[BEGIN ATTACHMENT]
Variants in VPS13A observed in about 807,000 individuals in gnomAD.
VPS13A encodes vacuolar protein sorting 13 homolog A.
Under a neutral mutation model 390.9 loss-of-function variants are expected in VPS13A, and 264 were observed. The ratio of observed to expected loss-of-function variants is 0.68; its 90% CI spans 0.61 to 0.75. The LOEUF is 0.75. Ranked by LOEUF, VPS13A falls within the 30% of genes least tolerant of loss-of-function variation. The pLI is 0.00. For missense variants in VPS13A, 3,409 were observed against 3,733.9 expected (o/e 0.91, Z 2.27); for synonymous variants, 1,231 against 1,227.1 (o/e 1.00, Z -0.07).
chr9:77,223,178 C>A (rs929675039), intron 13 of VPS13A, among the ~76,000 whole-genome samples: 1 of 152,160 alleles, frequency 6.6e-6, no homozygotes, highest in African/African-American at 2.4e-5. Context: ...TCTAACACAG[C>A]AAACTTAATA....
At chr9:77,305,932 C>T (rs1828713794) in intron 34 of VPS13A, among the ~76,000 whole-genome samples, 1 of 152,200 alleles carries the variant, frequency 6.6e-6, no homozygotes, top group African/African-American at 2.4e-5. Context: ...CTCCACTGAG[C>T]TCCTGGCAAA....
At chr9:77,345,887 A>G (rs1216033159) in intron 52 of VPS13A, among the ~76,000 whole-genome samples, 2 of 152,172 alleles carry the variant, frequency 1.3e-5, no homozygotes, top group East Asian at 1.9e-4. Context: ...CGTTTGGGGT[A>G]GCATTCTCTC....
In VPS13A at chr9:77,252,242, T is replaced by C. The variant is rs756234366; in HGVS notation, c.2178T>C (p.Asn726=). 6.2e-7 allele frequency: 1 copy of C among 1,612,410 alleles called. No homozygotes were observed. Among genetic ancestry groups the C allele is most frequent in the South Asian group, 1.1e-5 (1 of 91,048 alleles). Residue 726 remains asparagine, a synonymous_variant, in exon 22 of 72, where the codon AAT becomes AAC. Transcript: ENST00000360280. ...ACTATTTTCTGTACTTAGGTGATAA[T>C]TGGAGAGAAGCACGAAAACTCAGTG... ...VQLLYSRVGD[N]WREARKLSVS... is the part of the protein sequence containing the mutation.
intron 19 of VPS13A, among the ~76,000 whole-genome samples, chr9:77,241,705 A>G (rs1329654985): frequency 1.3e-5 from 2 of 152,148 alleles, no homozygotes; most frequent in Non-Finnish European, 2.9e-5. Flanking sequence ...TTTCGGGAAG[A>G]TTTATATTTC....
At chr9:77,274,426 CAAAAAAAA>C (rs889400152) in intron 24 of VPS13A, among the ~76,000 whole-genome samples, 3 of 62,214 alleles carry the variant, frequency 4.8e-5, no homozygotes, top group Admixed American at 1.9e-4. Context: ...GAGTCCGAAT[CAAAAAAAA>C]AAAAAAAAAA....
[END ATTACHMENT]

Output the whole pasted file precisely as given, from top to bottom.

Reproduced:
Variants in VPS13A observed in about 807,000 individuals in gnomAD.
VPS13A encodes vacuolar protein sorting 13 homolog A.
Under a neutral mutation model 390.9 loss-of-function variants are expected in VPS13A, and 264 were observed. The ratio of observed to expected loss-of-function variants is 0.68; its 90% CI spans 0.61 to 0.75. The LOEUF is 0.75. Ranked by LOEUF, VPS13A falls within the 30% of genes least tolerant of loss-of-function variation. The pLI is 0.00. For missense variants in VPS13A, 3,409 were observed against 3,733.9 expected (o/e 0.91, Z 2.27); for synonymous variants, 1,231 against 1,227.1 (o/e 1.00, Z -0.07).
chr9:77,223,178 C>A (rs929675039), intron 13 of VPS13A, among the ~76,000 whole-genome samples: 1 of 152,160 alleles, frequency 6.6e-6, no homozygotes, highest in African/African-American at 2.4e-5. Context: ...TCTAACACAG[C>A]AAACTTAATA....
At chr9:77,305,932 C>T (rs1828713794) in intron 34 of VPS13A, among the ~76,000 whole-genome samples, 1 of 152,200 alleles carries the variant, frequency 6.6e-6, no homozygotes, top group African/African-American at 2.4e-5. Context: ...CTCCACTGAG[C>T]TCCTGGCAAA....
At chr9:77,345,887 A>G (rs1216033159) in intron 52 of VPS13A, among the ~76,000 whole-genome samples, 2 of 152,172 alleles carry the variant, frequency 1.3e-5, no homozygotes, top group East Asian at 1.9e-4. Context: ...CGTTTGGGGT[A>G]GCATTCTCTC....
In VPS13A at chr9:77,252,242, T is replaced by C. The variant is rs756234366; in HGVS notation, c.2178T>C (p.Asn726=). 6.2e-7 allele frequency: 1 copy of C among 1,612,410 alleles called. No homozygotes were observed. Among genetic ancestry groups the C allele is most frequent in the South Asian group, 1.1e-5 (1 of 91,048 alleles). Residue 726 remains asparagine, a synonymous_variant, in exon 22 of 72, where the codon AAT becomes AAC. Transcript: ENST00000360280. ...ACTATTTTCTGTACTTAGGTGATAA[T>C]TGGAGAGAAGCACGAAAACTCAGTG... ...VQLLYSRVGD[N]WREARKLSVS... is the part of the protein sequence containing the mutation.
intron 19 of VPS13A, among the ~76,000 whole-genome samples, chr9:77,241,705 A>G (rs1329654985): frequency 1.3e-5 from 2 of 152,148 alleles, no homozygotes; most frequent in Non-Finnish European, 2.9e-5. Flanking sequence ...TTTCGGGAAG[A>G]TTTATATTTC....
At chr9:77,274,426 CAAAAAAAA>C (rs889400152) in intron 24 of VPS13A, among the ~76,000 whole-genome samples, 3 of 62,214 alleles carry the variant, frequency 4.8e-5, no homozygotes, top group Admixed American at 1.9e-4. Context: ...GAGTCCGAAT[CAAAAAAAA>C]AAAAAAAAAA....